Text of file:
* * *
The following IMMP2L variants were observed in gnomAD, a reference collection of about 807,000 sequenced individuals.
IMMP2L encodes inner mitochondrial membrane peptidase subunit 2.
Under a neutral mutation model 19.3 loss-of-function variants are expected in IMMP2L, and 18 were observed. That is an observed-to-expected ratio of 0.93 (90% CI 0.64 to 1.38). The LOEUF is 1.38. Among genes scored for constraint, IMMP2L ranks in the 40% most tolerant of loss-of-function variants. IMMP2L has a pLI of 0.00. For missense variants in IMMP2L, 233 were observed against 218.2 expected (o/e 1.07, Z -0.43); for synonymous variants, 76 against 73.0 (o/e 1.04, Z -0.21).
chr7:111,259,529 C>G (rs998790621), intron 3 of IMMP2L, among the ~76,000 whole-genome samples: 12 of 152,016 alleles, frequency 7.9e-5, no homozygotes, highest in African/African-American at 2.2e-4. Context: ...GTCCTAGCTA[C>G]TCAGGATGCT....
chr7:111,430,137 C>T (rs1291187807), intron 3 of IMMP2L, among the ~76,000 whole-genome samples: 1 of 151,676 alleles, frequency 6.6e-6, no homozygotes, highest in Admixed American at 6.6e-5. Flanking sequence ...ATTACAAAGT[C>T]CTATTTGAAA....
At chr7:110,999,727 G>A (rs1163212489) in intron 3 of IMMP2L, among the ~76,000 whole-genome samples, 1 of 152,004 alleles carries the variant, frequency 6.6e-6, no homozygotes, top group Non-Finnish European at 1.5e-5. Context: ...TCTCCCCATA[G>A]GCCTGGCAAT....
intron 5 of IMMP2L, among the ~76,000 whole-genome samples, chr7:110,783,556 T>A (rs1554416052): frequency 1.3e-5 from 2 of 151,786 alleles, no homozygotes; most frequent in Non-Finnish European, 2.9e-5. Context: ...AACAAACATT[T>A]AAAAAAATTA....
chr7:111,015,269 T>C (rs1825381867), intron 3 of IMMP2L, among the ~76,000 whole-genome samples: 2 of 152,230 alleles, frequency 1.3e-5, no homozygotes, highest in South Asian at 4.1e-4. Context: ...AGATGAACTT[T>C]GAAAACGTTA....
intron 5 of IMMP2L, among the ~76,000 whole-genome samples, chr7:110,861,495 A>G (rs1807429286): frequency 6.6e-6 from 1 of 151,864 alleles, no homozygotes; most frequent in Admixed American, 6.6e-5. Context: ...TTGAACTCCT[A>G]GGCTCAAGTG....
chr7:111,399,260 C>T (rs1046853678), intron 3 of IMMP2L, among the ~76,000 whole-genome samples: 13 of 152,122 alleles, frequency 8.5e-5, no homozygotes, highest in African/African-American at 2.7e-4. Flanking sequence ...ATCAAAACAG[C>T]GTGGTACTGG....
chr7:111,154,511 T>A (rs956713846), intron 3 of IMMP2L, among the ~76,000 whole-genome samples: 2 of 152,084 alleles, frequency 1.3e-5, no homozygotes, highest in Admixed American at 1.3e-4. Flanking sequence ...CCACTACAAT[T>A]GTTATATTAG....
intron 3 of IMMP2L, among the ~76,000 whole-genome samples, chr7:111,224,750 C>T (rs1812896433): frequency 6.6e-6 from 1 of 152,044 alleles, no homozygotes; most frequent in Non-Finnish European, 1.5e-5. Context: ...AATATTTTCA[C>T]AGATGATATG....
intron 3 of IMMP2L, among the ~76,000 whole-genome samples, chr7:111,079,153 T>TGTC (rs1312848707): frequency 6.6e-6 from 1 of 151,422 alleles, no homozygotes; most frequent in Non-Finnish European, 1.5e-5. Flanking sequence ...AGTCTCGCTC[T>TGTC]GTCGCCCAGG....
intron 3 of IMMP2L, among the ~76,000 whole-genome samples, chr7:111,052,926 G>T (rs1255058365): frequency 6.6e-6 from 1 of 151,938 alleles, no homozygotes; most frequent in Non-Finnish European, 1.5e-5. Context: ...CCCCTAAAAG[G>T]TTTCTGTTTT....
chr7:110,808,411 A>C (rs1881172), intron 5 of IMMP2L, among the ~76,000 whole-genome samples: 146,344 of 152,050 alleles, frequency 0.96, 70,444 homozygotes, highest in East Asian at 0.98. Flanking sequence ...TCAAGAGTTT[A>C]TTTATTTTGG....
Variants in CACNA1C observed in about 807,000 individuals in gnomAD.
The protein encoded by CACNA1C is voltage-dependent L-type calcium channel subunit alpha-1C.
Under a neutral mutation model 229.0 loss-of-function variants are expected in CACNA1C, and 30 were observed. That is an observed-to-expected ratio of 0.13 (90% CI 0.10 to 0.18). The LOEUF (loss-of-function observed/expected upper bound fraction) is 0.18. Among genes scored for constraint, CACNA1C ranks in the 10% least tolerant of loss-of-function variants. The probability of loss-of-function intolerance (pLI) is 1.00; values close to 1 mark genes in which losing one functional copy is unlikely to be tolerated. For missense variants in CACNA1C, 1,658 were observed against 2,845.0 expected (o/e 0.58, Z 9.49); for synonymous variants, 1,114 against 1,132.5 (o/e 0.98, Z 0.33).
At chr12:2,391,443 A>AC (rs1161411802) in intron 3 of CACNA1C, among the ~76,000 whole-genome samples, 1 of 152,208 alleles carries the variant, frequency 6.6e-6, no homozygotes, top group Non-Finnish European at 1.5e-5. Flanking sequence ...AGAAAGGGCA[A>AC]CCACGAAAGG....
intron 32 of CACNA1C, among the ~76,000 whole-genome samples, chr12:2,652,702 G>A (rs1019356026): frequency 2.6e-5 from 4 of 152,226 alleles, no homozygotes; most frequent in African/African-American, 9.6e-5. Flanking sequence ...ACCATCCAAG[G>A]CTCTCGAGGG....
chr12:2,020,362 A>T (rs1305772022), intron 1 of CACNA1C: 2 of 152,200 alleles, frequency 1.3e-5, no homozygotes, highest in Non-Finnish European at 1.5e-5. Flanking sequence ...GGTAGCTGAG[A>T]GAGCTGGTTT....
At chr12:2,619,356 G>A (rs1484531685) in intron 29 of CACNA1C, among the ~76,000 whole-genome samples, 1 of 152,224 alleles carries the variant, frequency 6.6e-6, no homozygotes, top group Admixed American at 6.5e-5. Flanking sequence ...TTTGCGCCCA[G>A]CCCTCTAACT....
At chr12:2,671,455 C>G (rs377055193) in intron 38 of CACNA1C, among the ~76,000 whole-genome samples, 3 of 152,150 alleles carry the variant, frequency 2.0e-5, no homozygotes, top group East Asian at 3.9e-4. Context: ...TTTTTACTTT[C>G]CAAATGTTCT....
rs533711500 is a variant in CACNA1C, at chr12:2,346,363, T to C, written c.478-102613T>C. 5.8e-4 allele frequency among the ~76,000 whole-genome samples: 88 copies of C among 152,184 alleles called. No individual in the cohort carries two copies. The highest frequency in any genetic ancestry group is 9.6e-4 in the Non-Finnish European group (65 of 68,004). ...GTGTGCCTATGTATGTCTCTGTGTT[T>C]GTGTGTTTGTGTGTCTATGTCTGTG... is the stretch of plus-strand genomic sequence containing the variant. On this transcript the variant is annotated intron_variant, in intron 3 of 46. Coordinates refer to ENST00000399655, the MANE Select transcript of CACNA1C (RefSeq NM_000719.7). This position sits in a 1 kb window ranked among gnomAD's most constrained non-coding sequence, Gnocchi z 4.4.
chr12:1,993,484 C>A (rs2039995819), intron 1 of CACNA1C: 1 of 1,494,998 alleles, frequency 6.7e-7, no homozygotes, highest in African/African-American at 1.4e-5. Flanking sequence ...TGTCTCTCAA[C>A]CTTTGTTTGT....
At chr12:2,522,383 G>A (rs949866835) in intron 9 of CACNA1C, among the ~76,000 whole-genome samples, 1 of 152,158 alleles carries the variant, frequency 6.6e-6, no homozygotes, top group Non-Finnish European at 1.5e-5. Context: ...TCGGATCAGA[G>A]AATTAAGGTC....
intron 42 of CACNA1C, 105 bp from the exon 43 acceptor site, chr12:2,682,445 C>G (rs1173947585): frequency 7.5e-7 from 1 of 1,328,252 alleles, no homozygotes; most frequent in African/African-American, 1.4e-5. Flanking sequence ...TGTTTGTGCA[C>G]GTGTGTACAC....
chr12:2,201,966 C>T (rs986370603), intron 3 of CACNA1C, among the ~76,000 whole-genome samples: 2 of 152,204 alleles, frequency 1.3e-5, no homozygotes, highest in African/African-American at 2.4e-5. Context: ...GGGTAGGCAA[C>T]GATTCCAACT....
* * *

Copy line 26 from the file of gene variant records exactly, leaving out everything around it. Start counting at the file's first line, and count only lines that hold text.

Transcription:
At chr12:2,522,383 G>A (rs949866835) in intron 9 of CACNA1C, among the ~76,000 whole-genome samples, 1 of 152,158 alleles carries the variant, frequency 6.6e-6, no homozygotes, top group Non-Finnish European at 1.5e-5. Context: ...TCGGATCAGA[G>A]AATTAAGGTC....